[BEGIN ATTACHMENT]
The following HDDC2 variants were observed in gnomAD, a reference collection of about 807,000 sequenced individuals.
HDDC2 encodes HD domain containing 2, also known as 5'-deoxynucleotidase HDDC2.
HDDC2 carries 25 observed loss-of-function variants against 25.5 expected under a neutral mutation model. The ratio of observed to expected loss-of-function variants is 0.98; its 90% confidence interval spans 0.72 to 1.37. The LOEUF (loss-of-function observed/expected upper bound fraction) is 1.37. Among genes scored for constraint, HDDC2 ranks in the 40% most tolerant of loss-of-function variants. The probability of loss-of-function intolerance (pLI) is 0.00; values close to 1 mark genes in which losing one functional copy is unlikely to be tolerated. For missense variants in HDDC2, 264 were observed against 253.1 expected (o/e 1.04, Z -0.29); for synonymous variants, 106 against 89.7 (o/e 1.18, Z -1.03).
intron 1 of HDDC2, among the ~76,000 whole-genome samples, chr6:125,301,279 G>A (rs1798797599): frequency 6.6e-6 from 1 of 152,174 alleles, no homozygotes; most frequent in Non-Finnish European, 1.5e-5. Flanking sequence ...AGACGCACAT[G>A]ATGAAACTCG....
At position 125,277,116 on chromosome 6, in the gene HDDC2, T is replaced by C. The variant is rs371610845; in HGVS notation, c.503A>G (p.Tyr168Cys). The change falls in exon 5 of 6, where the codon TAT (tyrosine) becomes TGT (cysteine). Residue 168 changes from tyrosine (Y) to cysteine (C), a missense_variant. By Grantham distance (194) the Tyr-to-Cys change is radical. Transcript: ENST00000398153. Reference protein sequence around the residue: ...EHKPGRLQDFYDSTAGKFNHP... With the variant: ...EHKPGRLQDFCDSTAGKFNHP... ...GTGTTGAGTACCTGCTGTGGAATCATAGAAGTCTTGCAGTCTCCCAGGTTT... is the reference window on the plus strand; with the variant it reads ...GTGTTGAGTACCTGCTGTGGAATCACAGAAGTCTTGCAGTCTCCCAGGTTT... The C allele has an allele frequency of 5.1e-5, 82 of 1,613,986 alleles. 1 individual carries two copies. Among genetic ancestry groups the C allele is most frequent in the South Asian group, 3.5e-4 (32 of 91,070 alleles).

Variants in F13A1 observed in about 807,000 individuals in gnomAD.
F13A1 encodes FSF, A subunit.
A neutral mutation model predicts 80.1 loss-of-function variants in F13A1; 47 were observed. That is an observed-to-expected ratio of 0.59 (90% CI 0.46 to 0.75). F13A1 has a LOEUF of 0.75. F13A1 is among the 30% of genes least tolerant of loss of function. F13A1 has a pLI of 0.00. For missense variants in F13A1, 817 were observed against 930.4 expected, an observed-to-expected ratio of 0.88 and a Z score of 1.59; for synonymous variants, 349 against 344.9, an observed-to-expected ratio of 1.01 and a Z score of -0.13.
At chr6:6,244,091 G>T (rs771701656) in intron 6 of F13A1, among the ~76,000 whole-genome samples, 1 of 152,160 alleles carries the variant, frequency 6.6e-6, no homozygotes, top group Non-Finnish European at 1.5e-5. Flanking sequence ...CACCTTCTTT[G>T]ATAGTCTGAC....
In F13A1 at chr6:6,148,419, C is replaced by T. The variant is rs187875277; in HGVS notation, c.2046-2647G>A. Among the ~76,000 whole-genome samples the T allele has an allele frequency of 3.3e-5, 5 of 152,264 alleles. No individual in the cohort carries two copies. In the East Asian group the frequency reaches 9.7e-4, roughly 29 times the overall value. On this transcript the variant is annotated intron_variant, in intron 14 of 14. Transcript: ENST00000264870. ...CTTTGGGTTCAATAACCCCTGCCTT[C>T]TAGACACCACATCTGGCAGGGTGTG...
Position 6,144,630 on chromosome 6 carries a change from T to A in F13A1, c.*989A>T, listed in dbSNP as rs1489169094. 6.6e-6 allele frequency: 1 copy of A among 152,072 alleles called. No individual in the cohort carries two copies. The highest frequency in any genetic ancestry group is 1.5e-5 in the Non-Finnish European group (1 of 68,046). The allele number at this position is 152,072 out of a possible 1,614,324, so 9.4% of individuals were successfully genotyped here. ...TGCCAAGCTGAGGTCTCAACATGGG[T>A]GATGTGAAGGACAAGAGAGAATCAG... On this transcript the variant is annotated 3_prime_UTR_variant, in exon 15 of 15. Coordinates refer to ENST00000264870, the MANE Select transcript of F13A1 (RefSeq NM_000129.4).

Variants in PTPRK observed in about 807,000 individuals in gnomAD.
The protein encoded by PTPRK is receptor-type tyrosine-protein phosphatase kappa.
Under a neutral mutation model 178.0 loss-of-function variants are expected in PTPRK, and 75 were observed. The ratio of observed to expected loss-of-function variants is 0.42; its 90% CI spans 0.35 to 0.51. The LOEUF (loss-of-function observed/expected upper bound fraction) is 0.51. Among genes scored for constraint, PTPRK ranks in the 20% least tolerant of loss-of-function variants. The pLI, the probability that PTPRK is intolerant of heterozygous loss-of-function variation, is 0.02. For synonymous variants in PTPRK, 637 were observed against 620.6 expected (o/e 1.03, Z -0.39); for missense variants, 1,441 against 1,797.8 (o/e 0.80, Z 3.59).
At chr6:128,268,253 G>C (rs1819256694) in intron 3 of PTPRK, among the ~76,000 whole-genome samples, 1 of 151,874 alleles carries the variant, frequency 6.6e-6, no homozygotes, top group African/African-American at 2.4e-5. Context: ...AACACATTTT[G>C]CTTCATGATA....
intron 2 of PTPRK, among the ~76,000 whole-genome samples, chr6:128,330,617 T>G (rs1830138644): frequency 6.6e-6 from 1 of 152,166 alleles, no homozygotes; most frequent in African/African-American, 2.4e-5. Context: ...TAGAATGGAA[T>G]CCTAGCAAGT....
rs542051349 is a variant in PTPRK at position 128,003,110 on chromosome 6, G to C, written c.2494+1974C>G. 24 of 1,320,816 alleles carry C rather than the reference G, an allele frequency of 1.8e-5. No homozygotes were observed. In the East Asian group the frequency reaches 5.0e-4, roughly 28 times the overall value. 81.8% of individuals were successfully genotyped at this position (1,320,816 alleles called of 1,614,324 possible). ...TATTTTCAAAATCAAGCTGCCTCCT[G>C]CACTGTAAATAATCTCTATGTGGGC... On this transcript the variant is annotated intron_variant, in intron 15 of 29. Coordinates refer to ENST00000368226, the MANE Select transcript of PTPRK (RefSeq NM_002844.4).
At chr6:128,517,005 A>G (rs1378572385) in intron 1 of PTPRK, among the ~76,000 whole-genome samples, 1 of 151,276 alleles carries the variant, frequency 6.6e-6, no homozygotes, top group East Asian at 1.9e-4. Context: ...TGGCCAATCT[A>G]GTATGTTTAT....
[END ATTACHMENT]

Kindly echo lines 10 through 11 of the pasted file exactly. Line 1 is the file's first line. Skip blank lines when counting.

In F13A1 at chr6:6,148,419, C is replaced by T. The variant is rs187875277; in HGVS notation, c.2046-2647G>A. Among the ~76,000 whole-genome samples the T allele has an allele frequency of 3.3e-5, 5 of 152,264 alleles. No individual in the cohort carries two copies. In the East Asian group the frequency reaches 9.7e-4, roughly 29 times the overall value. On this transcript the variant is annotated intron_variant, in intron 14 of 14. Transcript: ENST00000264870. ...CTTTGGGTTCAATAACCCCTGCCTT[C>T]TAGACACCACATCTGGCAGGGTGTG...
Position 6,144,630 on chromosome 6 carries a change from T to A in F13A1, c.*989A>T, listed in dbSNP as rs1489169094. 6.6e-6 allele frequency: 1 copy of A among 152,072 alleles called. No individual in the cohort carries two copies. The highest frequency in any genetic ancestry group is 1.5e-5 in the Non-Finnish European group (1 of 68,046). The allele number at this position is 152,072 out of a possible 1,614,324, so 9.4% of individuals were successfully genotyped here. ...TGCCAAGCTGAGGTCTCAACATGGG[T>A]GATGTGAAGGACAAGAGAGAATCAG... On this transcript the variant is annotated 3_prime_UTR_variant, in exon 15 of 15. Coordinates refer to ENST00000264870, the MANE Select transcript of F13A1 (RefSeq NM_000129.4).